Philosophy of Artificial Intelligence

Edited by Eric Dietrich (State University of New York at Binghamton)
Assistant editor: Michelle Thomas (University of Western Ontario)
About this topic
Summary

The philosophy of artificial intelligence is a collection of issues primarily concerned with whether or not AI is possible -- with whether or not it is possible to build an intelligent thinking machine.  Also of concern is whether humans and other animals are best thought of as machines (computational robots, say) themselves. The most important of the "whether-possible" problems lie at the intersection of theories of the semantic contents of thought and the nature of computation. A second suite of problems surrounds the nature of rationality. A third suite revolves around the seeming “transcendent” reasoning powers of the human mind. These problems derive from Kurt Gödel's famous Incompleteness Theorem.  A fourth collection of problems concerns the architecture of an intelligent machine.  Should a thinking computer use discrete or continuous modes of computing and representing, is having a body necessary, and is being conscious necessary.  This takes us to the final set of questions. Can a computer be conscious?  Can a computer have a moral sense? Would we have duties to thinking computers, to robots?  For example, is it moral for humans to even attempt to build an intelligent machine?  If we did build such a machine, would turning it off be the equivalent of murder?  If we had a race of such machines, would it be immoral to force them to work for us?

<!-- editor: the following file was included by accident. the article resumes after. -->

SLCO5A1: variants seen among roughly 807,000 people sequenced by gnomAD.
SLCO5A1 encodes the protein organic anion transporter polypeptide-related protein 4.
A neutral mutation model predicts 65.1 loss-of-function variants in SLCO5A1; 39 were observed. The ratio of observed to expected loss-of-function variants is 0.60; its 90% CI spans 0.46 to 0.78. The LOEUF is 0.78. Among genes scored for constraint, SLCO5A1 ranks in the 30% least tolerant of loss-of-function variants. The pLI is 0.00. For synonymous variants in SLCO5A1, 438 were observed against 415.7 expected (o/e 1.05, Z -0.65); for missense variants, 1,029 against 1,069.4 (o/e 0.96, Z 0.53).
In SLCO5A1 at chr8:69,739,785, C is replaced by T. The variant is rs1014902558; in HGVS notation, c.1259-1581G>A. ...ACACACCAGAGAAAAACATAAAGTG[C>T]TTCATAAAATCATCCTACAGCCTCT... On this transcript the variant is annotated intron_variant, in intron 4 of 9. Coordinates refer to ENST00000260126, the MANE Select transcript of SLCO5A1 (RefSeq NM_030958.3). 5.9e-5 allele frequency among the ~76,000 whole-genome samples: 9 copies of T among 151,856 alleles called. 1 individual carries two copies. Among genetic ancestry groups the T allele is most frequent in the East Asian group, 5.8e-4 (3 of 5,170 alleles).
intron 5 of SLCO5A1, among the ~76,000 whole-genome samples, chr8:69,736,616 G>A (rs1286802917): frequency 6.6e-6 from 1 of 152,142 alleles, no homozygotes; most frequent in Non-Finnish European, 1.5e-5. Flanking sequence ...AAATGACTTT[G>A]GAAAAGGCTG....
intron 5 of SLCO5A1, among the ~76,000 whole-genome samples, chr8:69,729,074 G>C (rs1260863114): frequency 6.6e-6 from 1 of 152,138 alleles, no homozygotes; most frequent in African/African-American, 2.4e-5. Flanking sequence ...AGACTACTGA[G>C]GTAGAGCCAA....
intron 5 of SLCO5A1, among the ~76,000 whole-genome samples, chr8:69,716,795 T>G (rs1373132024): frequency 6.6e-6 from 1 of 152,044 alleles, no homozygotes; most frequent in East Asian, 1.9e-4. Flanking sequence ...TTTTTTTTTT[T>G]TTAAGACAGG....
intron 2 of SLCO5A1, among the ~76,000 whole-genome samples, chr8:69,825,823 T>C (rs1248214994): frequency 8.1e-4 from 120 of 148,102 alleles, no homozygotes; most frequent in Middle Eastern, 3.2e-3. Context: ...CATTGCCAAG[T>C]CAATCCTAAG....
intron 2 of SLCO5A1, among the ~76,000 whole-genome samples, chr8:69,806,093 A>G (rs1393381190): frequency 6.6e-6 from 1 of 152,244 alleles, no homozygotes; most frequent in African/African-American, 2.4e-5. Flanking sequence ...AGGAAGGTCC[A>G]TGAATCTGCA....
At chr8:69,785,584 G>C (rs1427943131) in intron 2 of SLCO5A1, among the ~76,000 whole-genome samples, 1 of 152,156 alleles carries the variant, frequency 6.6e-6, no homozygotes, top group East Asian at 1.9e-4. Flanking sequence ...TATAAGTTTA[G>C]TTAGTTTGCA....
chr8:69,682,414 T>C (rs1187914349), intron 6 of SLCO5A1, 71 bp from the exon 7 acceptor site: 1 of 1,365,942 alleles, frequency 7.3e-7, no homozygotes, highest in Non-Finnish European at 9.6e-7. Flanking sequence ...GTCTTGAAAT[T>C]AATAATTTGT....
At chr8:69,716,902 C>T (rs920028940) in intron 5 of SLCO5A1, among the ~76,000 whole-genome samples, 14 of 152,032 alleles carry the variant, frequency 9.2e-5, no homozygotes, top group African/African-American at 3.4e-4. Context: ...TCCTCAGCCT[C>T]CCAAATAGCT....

Key works Probably the most important attack on whether AI is possible is John Searle's famous Chinese Room Argument: Searle 1980.  This attack focuses on the semantic aspects (mental semantics) of thoughts, thinking, and computing.   For some replies to this argument, see the same 1980 journal issue as Searle's original paper.  For the problem of the nature of rationality, see Pylyshyn 1987.  An especially strong attack on AI from this angle is Jerry Fodor's work on the frame problem: Fodor 1987.  On the frame problem in general, see McCarthy & Hayes 1969.  For some replies to Fodor and advances on the frame problem, see Ford & Pylyshyn 1996.  For the transcendent reasoning issue, a central and important paper is Hilary Putnam's Putnam 1960.  This paper is arguably the source for the computational turn in 1960s-70s philosophy of mind.  For architecture-of-mind issues, see, for starters: M. Spivey's The Contintuity of Mind, Oxford, which argues against the notion of discrete representations. See also, Gelder & Port 1995.  For an argument for discrete representations, see, Dietrich & Markman 2003.  For an argument that the mind's boundaries do not end at the body's boundaries, see, Clark & Chalmers 1998.  For a statement of and argument for computationalism -- the thesis that the mind is a kind of computer -- see Shimon Edelman's excellent book Edelman 2008. See also Chapter 9 of Chalmers's book Chalmers 1996.